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How Sussex plans £283m boost to UK wine tourism

Last week, a new strategy outlining the direction for Sussex’s fledgling wine tourism industry was launched in Parliament.

On Wednesday 14 June, two days before Sussex Day, the strategy, titled ‘Sussex wine tourism: a plan for growth’, was launched during a reception hosted by Sir Peter Bottomley, Member of Parliament for Worthing West in West Sussex.

Also in attendance from the green benches of the House of Commons was Chancellor of the Exchequer Jeremy Hunt and Minister for Media, Tourism and Creative Industries Sir John Whittingdale. From the green vineyards of Sussex came representatives from a number of producers, including Rathfinny Estate and Ridgeview.

The producers in attendance at the reception.

The plan’s primary objective is to increase the value of the Sussex’s wine tourism sector from £25 million more than tenfold, to a value of £283m by 2040. The report on the plan notes that, by contrast, the Australian wine region of Barossa Valley contributes £135m. The UK’s wine tourism sector as a whole is projected to be worth £658m in the next 17 years.

Along the way, it is also hoped that 3,633 new jobs in the industry will be generated.

The four key pillars that the report claims are needed to grow the sector are: experience development, marketing & development, responsible wine tourism, and working better together.

For the first pillar, it is suggested that tasting events, food offerings and vineyard accommodation can tap into the premium lifestyle category. Later on, the plan report suggested that whereas millennial visitors will be more drawn to the region’s famous sparkling wine offering, older ones will be more interested in tasting a range of styles.

As for marketing, the report noted: Sussex wine tourism will be successful if it converts more of Sussex’s visitors to wine tourists. But it also needs to help grow the visitor base to Sussex too, and ensure that the visitors it attracts bring the greatest benefits with the smallest impact.”

In the same vein, the report emphasised the need for environmental and social sustainability. On the former topic, given that vineyards can often be inaccessible by public transport, Sussex’s “extensive network of cycle and walking routes” is cited as an advantage for encouraging people to travel to vineyards without the aid of internal combustion engines.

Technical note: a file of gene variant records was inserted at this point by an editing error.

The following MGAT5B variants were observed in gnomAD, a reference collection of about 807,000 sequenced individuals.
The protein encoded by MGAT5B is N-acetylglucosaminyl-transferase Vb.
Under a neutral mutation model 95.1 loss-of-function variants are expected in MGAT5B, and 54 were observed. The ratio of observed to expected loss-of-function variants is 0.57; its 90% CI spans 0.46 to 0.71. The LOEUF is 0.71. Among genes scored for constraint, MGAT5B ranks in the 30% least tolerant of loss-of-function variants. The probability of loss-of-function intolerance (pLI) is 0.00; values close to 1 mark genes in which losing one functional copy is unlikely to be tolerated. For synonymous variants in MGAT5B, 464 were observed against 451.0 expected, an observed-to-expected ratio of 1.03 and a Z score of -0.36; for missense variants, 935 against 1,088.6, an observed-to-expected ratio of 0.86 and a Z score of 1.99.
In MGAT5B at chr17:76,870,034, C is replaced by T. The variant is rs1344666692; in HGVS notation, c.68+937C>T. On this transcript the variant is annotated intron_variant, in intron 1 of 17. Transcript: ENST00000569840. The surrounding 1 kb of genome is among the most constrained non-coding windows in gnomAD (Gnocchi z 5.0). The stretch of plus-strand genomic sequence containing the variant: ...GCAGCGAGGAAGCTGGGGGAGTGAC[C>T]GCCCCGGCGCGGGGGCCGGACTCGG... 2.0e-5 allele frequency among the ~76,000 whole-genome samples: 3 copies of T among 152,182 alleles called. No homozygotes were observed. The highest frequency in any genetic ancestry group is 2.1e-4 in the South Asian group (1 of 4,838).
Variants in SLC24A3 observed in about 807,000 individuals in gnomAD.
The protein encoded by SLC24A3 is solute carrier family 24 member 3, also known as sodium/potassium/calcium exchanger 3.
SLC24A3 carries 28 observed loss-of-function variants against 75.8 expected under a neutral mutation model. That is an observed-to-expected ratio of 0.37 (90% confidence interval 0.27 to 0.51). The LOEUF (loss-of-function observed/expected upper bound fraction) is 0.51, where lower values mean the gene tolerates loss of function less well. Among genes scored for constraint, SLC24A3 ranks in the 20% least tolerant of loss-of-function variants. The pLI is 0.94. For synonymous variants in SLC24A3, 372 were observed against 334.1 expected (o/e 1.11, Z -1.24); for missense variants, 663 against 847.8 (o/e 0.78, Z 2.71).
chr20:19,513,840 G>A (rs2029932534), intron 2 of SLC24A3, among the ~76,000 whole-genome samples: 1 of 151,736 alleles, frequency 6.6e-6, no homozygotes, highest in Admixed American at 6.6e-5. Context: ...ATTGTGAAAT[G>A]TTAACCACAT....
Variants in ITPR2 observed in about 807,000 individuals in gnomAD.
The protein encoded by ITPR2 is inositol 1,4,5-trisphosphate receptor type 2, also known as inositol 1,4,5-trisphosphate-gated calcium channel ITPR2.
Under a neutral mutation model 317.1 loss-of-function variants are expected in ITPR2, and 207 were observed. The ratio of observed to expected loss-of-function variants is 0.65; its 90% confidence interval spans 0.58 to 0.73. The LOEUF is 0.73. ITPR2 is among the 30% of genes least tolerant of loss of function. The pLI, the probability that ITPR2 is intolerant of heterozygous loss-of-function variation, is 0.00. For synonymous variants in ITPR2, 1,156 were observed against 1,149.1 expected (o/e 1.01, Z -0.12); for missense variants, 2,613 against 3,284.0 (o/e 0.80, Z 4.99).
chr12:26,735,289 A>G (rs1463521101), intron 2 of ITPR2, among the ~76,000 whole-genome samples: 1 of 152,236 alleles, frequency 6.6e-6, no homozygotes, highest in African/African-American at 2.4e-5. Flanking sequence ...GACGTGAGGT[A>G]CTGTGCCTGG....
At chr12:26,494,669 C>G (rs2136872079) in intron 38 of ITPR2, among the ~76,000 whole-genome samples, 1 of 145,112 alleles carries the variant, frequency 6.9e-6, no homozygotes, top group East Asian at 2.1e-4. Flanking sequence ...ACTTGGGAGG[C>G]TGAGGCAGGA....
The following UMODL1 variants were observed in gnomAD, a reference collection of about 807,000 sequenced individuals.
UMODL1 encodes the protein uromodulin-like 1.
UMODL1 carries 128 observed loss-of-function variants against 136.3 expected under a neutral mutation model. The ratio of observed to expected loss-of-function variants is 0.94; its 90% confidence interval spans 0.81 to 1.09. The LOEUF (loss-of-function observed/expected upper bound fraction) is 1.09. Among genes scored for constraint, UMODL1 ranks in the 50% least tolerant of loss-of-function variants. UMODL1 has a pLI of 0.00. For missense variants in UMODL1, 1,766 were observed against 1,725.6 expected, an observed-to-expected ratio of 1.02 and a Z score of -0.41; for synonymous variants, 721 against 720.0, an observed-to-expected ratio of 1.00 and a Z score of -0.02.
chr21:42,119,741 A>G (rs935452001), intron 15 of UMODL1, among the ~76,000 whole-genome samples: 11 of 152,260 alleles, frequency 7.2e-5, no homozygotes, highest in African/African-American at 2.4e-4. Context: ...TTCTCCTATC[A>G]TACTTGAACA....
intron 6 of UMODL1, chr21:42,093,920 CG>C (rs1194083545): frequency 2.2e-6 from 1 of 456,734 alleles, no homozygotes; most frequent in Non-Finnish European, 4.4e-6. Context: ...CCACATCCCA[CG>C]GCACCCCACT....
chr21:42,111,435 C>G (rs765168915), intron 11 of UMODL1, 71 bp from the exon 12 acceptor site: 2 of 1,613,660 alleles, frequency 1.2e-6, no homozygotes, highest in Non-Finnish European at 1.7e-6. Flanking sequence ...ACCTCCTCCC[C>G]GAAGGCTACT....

The final pillar emphasises the need for “growing the size of the cake rather than worrying over how the current cake is carved up” between the region’s producers.

VisitBritain/VisitEngland CEO Patricia Yates, who also attended the launch event, said: “With our research also showing strong interest from international travellers in trying British food and drink, Sussex’s wine tourism offer is also an exciting proposition and incentive product for the business meetings market. At just over an hour away, the stunning Sussex wine region complements London’s offer and showcases the richness of Britain’s regional diversity.”

Susanna Busi Jacobsohn, co-founder of East Sussex’s Busi Jacobsohn Wine Estate, told db of her reaction to the plan: “We are really happy that Sussex is becoming a name in wine, and look forward to welcoming more visitors in the area, and we expect to develop our wine tourism offering further in the coming years.”

Currently, Sussex has a vineyard area of 888 hectares, a quarter (25%) of the UK’s total area under vine. Last year, Sussex Sparkling Wine was given coveted Protected Designation of Origin (PDO) status, in what was a major win for the region’s wine industry.

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